Behind him we had  a tremendous scrap with With Alacrity who wasn’t going to be bullied by us and held on to the inside berth at the first leeward mark – only to be severely prejudiced by Joostup who barged in without water, forcing Alacrity wide and allowing us to nip inside .  The second windward mark saw 6   boats round within as many seconds  but most seemed to have spinnaker issues in the now freshening breeze . Despite a VERY late call to change back to the No 2 ( tremendous crew work!)  , we squeezed round ahead and stayed that way to take 2nd on the water – but with the X 34  deservedly OCS  it looks like we were 1st. That was fine teamwork boys and girls!



HWS 7 

This was a great day on the water ; two short races  in a gusty 15 to 22 knot NW’er  that left us physically knackered but grinning from ear to ear.

In each race the X 34 raced off leaving the next 10 places thrillingly close . Our first beat went well and we rounded just in front of Joostup and Light before setting off on the long run against the tide.  First mistake of the day was down to me as I strayed well beyond the port gybe layline in order to gybe on top of Joostup , forgetting that with an asymmetric she sails HOT angles and was able to skoot out of our windshadow . The result was  that we lost both her and Light,  who had sailed the deep angles appropriate to  Sigmas in these fresh conditions. What’s more we were coming in to the mark on a broad reach needing to hoist the genoa , drop the pole , then the kite , gybe and round. If only ! It’s a long time since we have rounded with the spi and the genoa half up and it was shocking how much we lost to Light in the ensuing 5 minutes.
Somehow we made amends on the next run , getting inside Light at the leeward mark and powering up the beat to take 4th place , with less than 2 minutes separating 2nd from 6th and only 5 mts down to 14th place!

The second race was more of the same . We calculated the leeward end of the line was favoured but were surprised to have to duck Light , or was it  With Alacrity ( or perhaps  Persephone – these two seemed to tied together by an umbilical cord for the whole day!) who all started further down the line . We later found out that the committee vessel was dragging to windward throughout the sequence which was why they kept having to relay the pin – and why none of our pre race calculations made sense! Light beat us to the windward mark , Joostup  tacked in our water citing rule 18 ( hmm – think we will ask the jury about that one) and With Alacrity and Persephone rounded close astern-  and took up station on our starboard quarter thus controlling us for the leeward approach. It’s a blur for me from there until the next run when we were all at it again , except I remember With Alacrity and Persephone dogfighting and gybing off to the left – handing the inside berth to us .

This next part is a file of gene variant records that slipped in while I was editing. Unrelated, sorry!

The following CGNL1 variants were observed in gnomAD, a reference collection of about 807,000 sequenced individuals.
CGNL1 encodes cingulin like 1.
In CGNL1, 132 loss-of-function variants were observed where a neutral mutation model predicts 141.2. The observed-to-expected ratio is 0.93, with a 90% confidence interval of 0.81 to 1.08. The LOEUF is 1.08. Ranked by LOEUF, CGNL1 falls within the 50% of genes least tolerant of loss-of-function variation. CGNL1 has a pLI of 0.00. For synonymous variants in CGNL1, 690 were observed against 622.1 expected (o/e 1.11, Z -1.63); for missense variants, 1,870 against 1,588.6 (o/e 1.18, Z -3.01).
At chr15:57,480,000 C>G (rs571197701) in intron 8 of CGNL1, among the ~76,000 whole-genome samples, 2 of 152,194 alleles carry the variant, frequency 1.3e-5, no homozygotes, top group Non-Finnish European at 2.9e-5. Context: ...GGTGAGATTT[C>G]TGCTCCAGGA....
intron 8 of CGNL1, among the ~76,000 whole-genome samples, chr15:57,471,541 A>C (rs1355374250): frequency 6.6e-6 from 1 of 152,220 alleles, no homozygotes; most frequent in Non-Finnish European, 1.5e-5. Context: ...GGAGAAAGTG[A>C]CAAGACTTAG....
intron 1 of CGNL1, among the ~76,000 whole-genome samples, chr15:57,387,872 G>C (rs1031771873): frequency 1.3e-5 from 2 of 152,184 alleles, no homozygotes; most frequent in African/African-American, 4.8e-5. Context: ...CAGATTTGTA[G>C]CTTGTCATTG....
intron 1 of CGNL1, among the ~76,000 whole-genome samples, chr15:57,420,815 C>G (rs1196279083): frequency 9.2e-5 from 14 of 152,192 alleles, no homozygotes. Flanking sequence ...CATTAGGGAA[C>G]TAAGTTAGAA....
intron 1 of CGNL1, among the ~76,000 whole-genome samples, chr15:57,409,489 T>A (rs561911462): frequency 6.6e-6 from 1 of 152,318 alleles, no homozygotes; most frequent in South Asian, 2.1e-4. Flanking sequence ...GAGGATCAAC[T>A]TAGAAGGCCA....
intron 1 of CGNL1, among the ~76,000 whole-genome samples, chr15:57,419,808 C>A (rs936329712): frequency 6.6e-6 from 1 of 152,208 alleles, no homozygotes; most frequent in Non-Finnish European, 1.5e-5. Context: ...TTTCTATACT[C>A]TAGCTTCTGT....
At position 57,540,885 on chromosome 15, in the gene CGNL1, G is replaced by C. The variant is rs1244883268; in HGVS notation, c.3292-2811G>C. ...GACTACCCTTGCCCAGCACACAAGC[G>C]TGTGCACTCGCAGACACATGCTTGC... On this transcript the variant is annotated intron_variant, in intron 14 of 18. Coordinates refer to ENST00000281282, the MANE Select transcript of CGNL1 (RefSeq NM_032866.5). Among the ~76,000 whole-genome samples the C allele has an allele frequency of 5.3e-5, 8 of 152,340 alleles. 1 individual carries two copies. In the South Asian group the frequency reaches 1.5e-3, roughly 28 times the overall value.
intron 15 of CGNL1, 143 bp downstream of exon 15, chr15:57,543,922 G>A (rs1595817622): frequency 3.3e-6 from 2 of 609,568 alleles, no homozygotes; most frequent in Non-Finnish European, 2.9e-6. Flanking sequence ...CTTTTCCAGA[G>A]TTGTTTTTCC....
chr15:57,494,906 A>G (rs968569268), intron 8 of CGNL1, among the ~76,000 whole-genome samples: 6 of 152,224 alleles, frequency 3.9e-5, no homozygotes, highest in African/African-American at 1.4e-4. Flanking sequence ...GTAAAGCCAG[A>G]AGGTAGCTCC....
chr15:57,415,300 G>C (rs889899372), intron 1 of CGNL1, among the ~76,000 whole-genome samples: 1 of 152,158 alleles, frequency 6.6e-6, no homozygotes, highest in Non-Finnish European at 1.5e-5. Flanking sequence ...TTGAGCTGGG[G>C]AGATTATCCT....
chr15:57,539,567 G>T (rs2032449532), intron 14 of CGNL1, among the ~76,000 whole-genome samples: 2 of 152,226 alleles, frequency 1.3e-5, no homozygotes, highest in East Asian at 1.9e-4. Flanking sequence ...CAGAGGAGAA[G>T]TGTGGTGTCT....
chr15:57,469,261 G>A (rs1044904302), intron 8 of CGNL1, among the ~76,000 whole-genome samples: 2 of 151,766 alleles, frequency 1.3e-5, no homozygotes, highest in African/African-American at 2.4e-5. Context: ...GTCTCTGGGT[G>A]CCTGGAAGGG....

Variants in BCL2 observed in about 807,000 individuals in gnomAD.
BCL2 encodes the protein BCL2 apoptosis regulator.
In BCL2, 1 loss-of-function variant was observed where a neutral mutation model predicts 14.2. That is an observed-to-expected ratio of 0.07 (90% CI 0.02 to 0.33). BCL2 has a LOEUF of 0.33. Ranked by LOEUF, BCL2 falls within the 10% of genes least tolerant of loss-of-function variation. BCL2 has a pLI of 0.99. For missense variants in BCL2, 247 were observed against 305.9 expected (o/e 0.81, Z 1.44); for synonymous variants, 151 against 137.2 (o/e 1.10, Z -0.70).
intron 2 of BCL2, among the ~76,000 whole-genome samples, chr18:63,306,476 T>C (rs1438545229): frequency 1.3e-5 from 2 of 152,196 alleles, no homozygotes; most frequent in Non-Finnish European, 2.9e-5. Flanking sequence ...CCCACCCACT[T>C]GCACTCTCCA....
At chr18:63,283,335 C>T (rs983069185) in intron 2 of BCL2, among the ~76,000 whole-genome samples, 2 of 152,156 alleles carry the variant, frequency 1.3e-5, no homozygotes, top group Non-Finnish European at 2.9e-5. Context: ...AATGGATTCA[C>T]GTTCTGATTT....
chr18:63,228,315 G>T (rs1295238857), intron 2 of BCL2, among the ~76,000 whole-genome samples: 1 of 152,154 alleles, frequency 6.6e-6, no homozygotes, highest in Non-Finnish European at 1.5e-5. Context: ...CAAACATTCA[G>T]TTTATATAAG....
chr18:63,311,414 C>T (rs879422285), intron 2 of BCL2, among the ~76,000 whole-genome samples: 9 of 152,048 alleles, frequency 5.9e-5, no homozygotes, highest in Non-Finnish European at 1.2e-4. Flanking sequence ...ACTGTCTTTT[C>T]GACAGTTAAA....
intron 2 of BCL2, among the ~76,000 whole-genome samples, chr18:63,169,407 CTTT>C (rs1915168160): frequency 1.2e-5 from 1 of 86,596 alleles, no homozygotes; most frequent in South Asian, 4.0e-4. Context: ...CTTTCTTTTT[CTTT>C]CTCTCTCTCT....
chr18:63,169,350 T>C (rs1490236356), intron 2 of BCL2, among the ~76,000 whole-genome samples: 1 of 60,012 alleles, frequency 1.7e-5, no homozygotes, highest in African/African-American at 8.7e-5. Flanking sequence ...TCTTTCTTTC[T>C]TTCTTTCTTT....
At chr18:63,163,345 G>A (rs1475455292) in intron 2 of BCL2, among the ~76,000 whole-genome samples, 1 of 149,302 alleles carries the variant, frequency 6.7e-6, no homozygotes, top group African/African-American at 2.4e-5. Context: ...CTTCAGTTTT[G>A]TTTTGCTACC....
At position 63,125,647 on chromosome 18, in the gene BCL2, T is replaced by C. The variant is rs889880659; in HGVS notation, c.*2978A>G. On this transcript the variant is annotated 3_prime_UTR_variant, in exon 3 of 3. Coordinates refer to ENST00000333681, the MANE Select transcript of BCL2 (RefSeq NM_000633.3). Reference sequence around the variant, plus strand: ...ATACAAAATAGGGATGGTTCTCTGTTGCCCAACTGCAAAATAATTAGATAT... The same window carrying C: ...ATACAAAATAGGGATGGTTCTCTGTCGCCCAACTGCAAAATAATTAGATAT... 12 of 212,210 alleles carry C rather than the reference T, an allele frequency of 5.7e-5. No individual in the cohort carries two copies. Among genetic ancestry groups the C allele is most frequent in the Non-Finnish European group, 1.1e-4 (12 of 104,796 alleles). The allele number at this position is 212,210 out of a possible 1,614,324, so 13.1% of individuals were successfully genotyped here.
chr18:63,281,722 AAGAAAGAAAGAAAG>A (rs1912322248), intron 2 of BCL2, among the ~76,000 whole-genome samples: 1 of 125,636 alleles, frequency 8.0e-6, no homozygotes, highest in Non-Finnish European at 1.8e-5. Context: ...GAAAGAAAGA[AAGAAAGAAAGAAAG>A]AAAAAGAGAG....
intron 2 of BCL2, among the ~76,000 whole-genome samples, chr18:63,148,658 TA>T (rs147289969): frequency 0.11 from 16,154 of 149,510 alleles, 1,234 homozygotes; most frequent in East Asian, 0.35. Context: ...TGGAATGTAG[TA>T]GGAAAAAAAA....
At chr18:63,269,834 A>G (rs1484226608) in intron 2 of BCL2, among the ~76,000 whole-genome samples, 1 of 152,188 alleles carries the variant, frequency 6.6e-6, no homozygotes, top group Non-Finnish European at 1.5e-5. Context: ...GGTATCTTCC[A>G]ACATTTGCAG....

2/3rds of the way down the last run it was looking good for us as we had the inside berth of the 6 boats vying for 2nd position.  But we reckoned without Joostup who were sailing higher than the rest , hooked in to an overlap on our port side and sailed us off way past the port layline . We were ready for them and had the genoa over on the starboard side as quick as a flash. On she drove us and  Ben began muttering that “this is going to be pressured!”  How right he was.

Eventually we broke the overlap , gybed and went for the genny. By now the angle in to the mark was so hot  the  pole was on the forestay and we blew the halyard to get the kite down in time. So far so good . Joostup had failed to get the overlap ,  we had lost Persephone and With Alacrity but should get inside Light and the crew were working like demons not to repeat our horlicks from the first race . Then the pole uphaul got stuck and the spi halyard wrapped itself round the cooker and for the second time things began to go horribly wrong. Light sped away and Joostup climbed on to our hip whilst the crew battled to clear the decks for a tack.

We could only take a short clearing tack as the tide would make the left side pay . Back we came and Light tacked into a lee bow , possibly hitting a wave ,  as we were able to luff out of her dirty air. Back she came at us and shortly before the layline forced us to tack away . A superb tack from the crew got us clear of her and we stretched away for the line where With Alacrity crossed 35 seconds ahead to take 2nd place , and the next 9 boats crossed within 2 minutes . That’s what I call racing.

Incidentally don’t be surprised to see us practising our leeward mark roundings before next weekends race!



Other Race Reports :